Thursday, June 26, 2008

The Angler


That's my Mom circa 1940's on our dock in Bluffton. Of course, we don't fish like this anymore. We are slightly horrified when we look back at these cool old photos, knowing what we know now. But we never imagined in a million years the day would come when strings of dead fish like this would seem sinful. When life in the river didn't replenish itself with the inevitability of tides.

I grew up being told we would never starve because the river would take care of us. So, it's not surprising I have angling in my blood. It's a trait that never seems to skip a generation and I can no more imagine my family's history without fishing than I could imagine the tide not ebbing at full moon. My brother has it much more strongly than I, but I feel a year is wasted if I don't pull my rods out. My brother though--my brother is a creature of rivers, streams and oceans. He's got a bit of Thor in him--forever reeling in the Midgard Serpent.

I wrote a story, a bit back, about my brother and his old fishing buddy, Zeke. The details in the story are entirely true. It's one of what I call my "sacred stories"--stories I write from the bone. And I wrote it intending it as a gift.

So, I'm extremely pleased that the story, A Prayer for the Gods of Fishing Dogs, has been published on Donavan Hall's excellent The Angler journal. I've had my eye on this journal since I first noticed it when I started subbing back in November. Donavan publishes stories about brew craft and the occasional fishing story--both things dear to my heart. I can't think of a finer day than one spent out on the river followed by the rich bite of a handmade ale. Life just doesn't get any better than that.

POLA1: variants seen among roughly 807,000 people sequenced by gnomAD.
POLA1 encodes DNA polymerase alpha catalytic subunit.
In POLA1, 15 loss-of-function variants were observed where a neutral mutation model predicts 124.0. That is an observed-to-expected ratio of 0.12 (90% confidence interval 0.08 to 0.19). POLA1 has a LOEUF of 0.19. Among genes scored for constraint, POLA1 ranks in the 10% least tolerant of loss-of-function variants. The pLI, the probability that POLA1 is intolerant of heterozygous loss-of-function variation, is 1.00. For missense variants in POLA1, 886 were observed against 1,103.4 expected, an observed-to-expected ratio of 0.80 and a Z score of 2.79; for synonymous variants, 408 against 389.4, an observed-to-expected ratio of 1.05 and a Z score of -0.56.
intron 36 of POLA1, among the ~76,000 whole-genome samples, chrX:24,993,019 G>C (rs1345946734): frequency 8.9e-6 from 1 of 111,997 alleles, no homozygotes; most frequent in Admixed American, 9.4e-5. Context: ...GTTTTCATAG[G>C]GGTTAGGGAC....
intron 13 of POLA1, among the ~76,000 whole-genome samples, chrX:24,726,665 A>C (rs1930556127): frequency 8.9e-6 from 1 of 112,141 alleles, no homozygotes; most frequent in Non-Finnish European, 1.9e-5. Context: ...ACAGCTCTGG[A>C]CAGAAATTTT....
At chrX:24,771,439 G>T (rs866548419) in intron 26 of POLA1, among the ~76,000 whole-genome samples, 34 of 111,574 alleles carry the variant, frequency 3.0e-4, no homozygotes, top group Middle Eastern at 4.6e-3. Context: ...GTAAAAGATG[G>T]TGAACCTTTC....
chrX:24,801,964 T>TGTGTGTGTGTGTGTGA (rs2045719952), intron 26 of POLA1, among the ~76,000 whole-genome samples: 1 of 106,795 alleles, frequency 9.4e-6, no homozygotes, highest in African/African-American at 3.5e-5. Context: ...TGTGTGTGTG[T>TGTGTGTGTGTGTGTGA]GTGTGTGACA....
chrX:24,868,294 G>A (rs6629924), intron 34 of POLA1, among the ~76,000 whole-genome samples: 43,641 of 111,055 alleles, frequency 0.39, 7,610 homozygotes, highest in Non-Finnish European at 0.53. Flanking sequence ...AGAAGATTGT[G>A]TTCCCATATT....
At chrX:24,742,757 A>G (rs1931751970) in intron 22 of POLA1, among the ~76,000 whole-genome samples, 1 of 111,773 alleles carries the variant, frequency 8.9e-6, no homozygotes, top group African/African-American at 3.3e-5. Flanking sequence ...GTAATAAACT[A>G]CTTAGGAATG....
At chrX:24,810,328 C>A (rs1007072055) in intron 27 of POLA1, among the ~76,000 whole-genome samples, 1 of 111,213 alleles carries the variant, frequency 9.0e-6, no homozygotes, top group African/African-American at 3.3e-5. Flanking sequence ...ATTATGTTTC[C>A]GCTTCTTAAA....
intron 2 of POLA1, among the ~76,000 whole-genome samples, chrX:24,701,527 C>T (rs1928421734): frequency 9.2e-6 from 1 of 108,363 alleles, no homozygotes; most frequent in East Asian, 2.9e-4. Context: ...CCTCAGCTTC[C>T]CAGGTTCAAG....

I hope you'll take a moment to read this one. It's a special little story about fly fishing, dogs and honoring a lifelong friendship.

8 Comments:

  1. Jo said...
    What a wonderful story Rosie. I'm sure that Zeke couldn't have been happier than to spend eternity swimming with the dolphins.

    Thanks for sharing this Rosie.
    Benz said...
    Very nice.
    GUYK said...
    I doubt that sports fishing types have ever damaged the fish population all that much..but what did ruin it in Florida was commercial fishing..gill nets that took thousands of pounds each day of the week each..and not just a few gill netters but thousands of them. They didn't leave enough of the breeding stock to replenish the fishery and I sincerely believe that if we sports anglers had not kida forced through a state constitutional amendment that there wouldn't be much left out there now. But with careful fish and game management our fishing is getting better..still a lot of pressure on the water but nothing like the commercial gill netters were putting on it.
    Hayden said...
    Congrats! Nice to see a favorite child out in the world!
    Tossing Pebbles in the Stream said...
    The only fish caught in those numbers now around here are barbots and suckers, (with our bare hands in season)

    Rosie, I tagged you for a small award. See my blog.
    Peggy said...
    You are so talented Rosie!
    Gypsy said...
    Beautiful story! As always you have really brought the characters alive.
    Ed said...
    I can see the results of your careful editing. Every word is in its place. Thanks for sharing your talent with the rest of us.

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